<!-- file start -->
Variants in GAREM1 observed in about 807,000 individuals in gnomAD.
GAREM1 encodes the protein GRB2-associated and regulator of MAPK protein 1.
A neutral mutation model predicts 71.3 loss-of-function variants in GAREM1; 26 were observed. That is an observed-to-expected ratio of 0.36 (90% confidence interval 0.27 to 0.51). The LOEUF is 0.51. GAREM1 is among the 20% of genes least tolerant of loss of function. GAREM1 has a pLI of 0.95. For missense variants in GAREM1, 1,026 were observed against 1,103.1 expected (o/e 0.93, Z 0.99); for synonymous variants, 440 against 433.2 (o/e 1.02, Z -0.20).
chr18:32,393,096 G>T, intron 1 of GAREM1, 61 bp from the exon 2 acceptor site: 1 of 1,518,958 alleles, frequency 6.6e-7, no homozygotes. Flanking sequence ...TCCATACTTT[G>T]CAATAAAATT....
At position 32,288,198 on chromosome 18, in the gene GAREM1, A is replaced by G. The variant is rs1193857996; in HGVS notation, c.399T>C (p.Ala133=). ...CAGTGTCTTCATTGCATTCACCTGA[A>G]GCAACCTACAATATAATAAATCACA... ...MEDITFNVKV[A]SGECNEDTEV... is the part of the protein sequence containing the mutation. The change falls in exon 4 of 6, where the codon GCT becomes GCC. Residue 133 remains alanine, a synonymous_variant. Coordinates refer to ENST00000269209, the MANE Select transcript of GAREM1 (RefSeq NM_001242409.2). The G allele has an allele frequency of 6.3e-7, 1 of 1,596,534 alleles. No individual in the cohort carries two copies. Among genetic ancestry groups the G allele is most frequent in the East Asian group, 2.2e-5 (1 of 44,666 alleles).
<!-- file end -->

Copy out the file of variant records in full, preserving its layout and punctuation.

Variants in GAREM1 observed in about 807,000 individuals in gnomAD.
GAREM1 encodes the protein GRB2-associated and regulator of MAPK protein 1.
A neutral mutation model predicts 71.3 loss-of-function variants in GAREM1; 26 were observed. That is an observed-to-expected ratio of 0.36 (90% confidence interval 0.27 to 0.51). The LOEUF is 0.51. GAREM1 is among the 20% of genes least tolerant of loss of function. GAREM1 has a pLI of 0.95. For missense variants in GAREM1, 1,026 were observed against 1,103.1 expected (o/e 0.93, Z 0.99); for synonymous variants, 440 against 433.2 (o/e 1.02, Z -0.20).
chr18:32,393,096 G>T, intron 1 of GAREM1, 61 bp from the exon 2 acceptor site: 1 of 1,518,958 alleles, frequency 6.6e-7, no homozygotes. Flanking sequence ...TCCATACTTT[G>T]CAATAAAATT....
At position 32,288,198 on chromosome 18, in the gene GAREM1, A is replaced by G. The variant is rs1193857996; in HGVS notation, c.399T>C (p.Ala133=). ...CAGTGTCTTCATTGCATTCACCTGA[A>G]GCAACCTACAATATAATAAATCACA... ...MEDITFNVKV[A]SGECNEDTEV... is the part of the protein sequence containing the mutation. The change falls in exon 4 of 6, where the codon GCT becomes GCC. Residue 133 remains alanine, a synonymous_variant. Coordinates refer to ENST00000269209, the MANE Select transcript of GAREM1 (RefSeq NM_001242409.2). The G allele has an allele frequency of 6.3e-7, 1 of 1,596,534 alleles. No individual in the cohort carries two copies. Among genetic ancestry groups the G allele is most frequent in the East Asian group, 2.2e-5 (1 of 44,666 alleles).